Mental health and journalism, Part 2: A conversation with Dean Yates

byTaylor Mulcahey
Aug 12, 2020 in Specialized Topics
Text over a blue abstract background. It reads "IJNotes: Mental health and journalism, Part 2 with Dean Yates."

This is the second IJNotes episode in our series on journalism and mental health. To listen to the first episode — an interview with Anna Mortimer — click here.

The nonstop nature of news and reporting on tragic events leads many journalists to experience burnout, anxiety, stress and even post-traumatic stress disorder (PTSD). But in recent months, this topic has become more relevant as many journalists have taken on more work covering COVID-19 and anti-police brutality protests, and others have been laid off or received fewer commissions.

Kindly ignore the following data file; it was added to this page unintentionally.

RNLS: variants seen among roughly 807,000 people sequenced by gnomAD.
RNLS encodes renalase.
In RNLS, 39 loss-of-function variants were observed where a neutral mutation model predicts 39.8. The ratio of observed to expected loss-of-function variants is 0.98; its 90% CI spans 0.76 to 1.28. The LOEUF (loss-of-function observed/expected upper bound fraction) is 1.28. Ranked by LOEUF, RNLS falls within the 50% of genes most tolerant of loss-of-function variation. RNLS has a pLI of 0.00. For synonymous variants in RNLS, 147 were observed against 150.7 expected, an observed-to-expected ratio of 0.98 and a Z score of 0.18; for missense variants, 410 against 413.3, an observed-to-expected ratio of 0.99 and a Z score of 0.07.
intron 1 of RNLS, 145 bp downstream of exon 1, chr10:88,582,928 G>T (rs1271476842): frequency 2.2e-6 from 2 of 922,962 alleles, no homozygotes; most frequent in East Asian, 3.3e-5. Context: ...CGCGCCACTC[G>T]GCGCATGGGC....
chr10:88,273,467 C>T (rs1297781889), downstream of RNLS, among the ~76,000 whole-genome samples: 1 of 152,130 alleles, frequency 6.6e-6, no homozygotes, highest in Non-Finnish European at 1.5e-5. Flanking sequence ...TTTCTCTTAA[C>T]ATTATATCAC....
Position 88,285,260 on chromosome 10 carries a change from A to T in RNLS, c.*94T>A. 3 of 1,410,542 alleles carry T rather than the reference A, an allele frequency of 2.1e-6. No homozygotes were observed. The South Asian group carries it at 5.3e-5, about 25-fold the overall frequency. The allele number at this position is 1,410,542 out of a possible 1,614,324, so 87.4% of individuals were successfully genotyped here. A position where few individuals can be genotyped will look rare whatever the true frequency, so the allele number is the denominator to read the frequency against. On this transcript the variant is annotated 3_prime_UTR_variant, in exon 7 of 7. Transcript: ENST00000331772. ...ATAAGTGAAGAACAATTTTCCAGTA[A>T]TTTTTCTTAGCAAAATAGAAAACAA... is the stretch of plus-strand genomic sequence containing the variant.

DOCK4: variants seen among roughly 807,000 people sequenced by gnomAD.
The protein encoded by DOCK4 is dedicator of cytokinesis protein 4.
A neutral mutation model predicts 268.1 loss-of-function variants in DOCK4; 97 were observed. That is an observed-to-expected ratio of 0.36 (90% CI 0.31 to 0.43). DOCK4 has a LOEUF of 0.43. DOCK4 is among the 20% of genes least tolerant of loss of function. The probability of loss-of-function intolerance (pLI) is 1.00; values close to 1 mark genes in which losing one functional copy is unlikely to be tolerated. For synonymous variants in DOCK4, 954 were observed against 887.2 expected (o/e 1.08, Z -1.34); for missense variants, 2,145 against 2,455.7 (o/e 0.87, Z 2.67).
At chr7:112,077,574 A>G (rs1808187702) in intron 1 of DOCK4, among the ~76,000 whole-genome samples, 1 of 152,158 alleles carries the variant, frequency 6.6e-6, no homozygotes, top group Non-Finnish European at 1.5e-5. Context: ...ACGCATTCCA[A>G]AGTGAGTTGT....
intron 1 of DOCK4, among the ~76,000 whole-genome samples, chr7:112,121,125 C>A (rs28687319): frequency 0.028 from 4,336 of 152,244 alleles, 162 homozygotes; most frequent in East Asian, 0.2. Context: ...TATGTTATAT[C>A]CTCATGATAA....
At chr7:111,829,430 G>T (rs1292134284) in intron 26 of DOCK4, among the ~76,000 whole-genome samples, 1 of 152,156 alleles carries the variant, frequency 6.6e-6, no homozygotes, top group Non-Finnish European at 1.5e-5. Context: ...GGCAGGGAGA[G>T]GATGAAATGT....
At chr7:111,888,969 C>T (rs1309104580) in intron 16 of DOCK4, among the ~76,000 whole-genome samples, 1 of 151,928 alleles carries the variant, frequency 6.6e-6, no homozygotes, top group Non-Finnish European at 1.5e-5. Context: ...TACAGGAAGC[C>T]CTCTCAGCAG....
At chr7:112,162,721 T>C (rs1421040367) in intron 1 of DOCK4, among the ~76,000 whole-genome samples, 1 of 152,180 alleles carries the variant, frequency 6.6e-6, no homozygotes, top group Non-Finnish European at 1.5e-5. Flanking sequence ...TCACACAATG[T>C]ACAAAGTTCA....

For this episode, we spoke to Dean Yates, a former journalist and bureau chief with Reuters. For more than 20 years, Yates covered war and tragedy in the Middle East and southeast Asia, which led to his own battle with PTSD. His experience led him to become an advocate for journalists’ mental health. He is currently working on a memoir about his journey and hosting a mental health podcast with Mindarma.

Listen below to our discussion on burnout, vicarious trauma, disclosing a mental health condition at work, the role of newsroom leadership and much more: 

 

We’ll let you know on our Twitter, Instagram and Facebook pages when we release our next episode, so make sure to follow us there if you haven't already. 

All episodes will be available on Apple Podcasts, Spotify, Stitcher, Buzzsprout, TuneIn and SoundCloud.


Taylor Mulcahey is the editor of IJNet.

Main image CC-licensed by Unsplash via Jr Korpa.